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13th of July, 2016


Nicaragua '16

We are almost halfway through our second week and I can feel myself becoming more and more connected with the kids every day. There are kids that I have been building relationships with since the first day and kids that I am just meeting. Today, in third grade I met a boy that spoke Spanish, like everyone else, but also spoke perfect English. When I asked him where he was from, he replied, “Omaha.” I was very surprised by this for a moment because he seemed so integrated, like he had been here his whole life. However, when I thought about it a little deeper, I realized that this was just another example of a perfect blend of culture. I don’t know anything about that boy’s background or how he grew up, but I do know that the rest of the kids at the school don’t care, just as they don’t care that we are not perfect at Spanish or are not accustomed to their culture. They simply care that we are here.

Even though many of us are tired, we woke up earlier than we would during the school year, because spending time with the kids is always worth it. The kindergarten has an endless supply of energy to kickstart the day and if you let one of  them on your back, you will not stop picking them up until each one of them has gotten a turn being spun around or thrown into the air. It is a treat to get to eat lunch with them, even though I just sit there while they talk around me. I watch them interact with each other until I feel another child climbing up my back, begging me to run around again. We play with them and teach them until the end of the day when we walk them home. As we walk home, my little friend, Jasmina, tells me about her baby sister, Claudia, and about the dance they are going to perform for us on Saturday. In return, I tell her about my home in Colorado. Even though we have only been here for a week I can feel the language barrier shrink and our relationships with the kids grow everyday.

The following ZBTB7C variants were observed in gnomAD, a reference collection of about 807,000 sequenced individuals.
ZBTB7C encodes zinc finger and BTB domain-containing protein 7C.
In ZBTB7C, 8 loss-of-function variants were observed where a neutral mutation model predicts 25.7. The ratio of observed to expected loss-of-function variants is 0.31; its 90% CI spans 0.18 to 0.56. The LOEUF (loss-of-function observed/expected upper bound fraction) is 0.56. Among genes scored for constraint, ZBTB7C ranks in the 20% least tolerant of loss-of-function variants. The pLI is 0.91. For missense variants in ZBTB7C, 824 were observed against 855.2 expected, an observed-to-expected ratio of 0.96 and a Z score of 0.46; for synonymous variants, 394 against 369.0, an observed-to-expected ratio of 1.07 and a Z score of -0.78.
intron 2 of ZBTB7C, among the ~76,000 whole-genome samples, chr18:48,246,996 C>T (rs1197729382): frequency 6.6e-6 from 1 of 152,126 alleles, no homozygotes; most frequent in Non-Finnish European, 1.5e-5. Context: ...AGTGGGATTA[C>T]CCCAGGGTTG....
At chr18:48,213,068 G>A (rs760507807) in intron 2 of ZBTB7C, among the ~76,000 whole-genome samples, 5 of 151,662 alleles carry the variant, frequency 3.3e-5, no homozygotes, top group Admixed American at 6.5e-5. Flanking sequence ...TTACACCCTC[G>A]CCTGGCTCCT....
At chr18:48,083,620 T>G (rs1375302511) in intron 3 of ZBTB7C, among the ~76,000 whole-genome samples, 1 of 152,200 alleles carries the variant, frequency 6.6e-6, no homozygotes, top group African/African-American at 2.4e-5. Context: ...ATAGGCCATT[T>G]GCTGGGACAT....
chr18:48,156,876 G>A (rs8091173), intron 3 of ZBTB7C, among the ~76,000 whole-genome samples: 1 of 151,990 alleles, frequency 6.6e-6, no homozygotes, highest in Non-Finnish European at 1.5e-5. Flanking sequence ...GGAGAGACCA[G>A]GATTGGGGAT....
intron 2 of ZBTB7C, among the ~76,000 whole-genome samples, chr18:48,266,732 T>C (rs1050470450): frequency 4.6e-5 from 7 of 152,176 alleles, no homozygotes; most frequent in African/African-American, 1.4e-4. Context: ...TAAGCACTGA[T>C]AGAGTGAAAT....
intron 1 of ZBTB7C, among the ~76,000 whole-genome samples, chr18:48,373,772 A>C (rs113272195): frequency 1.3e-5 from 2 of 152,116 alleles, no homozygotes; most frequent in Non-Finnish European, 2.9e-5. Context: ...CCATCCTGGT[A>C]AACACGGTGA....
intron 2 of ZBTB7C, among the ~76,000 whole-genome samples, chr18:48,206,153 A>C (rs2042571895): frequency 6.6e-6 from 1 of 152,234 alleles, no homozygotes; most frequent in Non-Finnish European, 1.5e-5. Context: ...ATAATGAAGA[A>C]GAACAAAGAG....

After all of the kids have gone home, our group can usually be found swimming, playing cards, or planning our reunion in Texas. We have probably expanded our lifespans by at least a year with the amount we have laughed and broken a record for number of mafia games played in ten days. When I signed up for this trip I knew that I would make new relationships, but I could never have imagined that I would be friends with such incredible people from around the world. I think back to our first time meeting at the Miami airport which now seems like decades ago. We were all awkwardly trying to read our school books just to avoid having to talk to each other. Since then, we have gotten to know each other better than I would have ever thought and a group that was made up of strangers not to long ago, has now become family.



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